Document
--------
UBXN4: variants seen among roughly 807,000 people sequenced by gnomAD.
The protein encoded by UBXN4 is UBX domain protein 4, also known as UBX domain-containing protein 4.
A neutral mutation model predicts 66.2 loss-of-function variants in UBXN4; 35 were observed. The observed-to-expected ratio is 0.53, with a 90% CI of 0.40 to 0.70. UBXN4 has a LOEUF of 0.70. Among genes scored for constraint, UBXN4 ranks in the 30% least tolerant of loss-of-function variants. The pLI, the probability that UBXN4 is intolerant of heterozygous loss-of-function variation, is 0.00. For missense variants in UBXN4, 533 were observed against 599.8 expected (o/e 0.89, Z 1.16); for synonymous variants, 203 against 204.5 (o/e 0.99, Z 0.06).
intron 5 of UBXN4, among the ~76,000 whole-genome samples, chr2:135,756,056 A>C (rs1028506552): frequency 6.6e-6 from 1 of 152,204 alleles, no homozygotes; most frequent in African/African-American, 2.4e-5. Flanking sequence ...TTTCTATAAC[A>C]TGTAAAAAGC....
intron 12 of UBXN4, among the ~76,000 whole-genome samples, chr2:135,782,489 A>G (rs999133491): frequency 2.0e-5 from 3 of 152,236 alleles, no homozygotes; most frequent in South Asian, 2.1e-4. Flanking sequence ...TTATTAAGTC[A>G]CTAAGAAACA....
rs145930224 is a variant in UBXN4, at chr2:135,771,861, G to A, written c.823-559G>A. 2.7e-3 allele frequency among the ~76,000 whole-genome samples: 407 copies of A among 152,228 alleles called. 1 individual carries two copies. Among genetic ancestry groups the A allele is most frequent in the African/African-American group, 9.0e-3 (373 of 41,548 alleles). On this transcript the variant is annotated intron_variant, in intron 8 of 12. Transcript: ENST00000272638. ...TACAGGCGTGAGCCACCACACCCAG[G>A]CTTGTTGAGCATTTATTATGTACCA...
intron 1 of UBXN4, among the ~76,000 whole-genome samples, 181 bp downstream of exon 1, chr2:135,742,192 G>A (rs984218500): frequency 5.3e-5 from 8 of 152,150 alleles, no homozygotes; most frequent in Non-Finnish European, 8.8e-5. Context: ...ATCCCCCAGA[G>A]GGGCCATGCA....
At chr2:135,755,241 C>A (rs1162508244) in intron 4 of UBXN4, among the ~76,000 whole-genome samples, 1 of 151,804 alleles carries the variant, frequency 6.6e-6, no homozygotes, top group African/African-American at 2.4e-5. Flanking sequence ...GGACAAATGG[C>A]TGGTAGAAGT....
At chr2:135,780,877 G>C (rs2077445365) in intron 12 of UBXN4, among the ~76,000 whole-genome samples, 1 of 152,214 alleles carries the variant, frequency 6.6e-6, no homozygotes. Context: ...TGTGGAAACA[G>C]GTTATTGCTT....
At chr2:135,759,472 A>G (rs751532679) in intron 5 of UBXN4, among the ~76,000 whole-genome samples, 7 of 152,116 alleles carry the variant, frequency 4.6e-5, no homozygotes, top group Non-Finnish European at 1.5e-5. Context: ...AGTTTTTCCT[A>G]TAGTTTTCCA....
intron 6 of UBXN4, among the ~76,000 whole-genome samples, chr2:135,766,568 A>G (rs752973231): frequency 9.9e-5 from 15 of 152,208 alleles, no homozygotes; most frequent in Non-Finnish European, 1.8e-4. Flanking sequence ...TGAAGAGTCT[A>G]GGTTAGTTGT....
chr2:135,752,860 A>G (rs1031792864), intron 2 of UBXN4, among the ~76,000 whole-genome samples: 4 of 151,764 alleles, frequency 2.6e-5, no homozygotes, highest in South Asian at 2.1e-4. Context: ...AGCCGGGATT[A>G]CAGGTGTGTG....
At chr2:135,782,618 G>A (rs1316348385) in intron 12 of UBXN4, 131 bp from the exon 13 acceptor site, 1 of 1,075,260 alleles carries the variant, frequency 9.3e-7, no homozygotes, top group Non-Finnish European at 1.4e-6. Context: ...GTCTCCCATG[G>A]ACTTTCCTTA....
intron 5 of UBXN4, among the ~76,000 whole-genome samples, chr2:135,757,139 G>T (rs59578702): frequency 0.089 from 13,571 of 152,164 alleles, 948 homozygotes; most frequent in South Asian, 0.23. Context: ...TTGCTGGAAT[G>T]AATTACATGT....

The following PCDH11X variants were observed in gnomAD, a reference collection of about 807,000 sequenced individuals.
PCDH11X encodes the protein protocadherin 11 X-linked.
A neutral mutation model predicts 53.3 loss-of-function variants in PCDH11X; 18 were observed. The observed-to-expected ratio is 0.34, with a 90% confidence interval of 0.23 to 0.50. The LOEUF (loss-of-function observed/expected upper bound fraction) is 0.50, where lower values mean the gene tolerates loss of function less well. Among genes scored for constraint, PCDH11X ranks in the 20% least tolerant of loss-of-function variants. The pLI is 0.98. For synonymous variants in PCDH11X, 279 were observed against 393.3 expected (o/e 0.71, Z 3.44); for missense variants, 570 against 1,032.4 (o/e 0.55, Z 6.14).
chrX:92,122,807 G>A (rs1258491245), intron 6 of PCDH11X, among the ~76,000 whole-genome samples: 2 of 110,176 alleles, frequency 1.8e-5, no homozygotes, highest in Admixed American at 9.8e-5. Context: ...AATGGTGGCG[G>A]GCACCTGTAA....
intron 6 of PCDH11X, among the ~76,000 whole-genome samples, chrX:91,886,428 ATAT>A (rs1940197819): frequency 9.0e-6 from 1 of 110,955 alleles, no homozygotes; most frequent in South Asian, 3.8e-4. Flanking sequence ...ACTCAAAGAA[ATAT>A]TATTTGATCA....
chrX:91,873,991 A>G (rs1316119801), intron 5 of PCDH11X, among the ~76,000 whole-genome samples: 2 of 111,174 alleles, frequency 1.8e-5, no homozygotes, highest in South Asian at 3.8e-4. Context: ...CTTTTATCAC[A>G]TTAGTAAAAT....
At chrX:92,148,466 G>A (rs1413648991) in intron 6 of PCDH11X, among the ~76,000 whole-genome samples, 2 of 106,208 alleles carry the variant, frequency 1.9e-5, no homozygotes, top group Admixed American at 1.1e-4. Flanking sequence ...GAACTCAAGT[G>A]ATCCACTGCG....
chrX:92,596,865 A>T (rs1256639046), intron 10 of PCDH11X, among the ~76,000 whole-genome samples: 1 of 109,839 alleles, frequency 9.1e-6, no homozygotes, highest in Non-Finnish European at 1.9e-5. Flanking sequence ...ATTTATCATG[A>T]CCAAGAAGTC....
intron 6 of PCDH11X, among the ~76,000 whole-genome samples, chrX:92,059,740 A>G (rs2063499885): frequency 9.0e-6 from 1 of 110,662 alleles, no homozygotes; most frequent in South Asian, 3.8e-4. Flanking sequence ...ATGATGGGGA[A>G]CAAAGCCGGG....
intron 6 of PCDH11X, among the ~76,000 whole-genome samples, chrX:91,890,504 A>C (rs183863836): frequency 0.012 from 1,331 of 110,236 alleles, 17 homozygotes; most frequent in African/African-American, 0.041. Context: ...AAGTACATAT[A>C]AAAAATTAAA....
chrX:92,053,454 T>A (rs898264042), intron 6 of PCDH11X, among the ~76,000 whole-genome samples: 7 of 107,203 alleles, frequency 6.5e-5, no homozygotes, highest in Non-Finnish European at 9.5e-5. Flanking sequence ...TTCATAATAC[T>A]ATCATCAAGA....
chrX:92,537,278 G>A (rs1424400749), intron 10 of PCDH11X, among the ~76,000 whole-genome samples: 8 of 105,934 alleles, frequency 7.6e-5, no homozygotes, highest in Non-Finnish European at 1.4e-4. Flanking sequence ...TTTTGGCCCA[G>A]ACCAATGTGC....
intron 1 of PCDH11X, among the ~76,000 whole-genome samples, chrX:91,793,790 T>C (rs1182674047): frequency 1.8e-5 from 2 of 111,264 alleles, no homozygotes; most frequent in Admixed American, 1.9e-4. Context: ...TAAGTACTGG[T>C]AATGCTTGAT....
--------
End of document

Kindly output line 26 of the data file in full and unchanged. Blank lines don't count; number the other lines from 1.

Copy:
chrX:92,537,278 G>A (rs1424400749), intron 10 of PCDH11X, among the ~76,000 whole-genome samples: 8 of 105,934 alleles, frequency 7.6e-5, no homozygotes, highest in Non-Finnish European at 1.4e-4. Flanking sequence ...TTTTGGCCCA[G>A]ACCAATGTGC....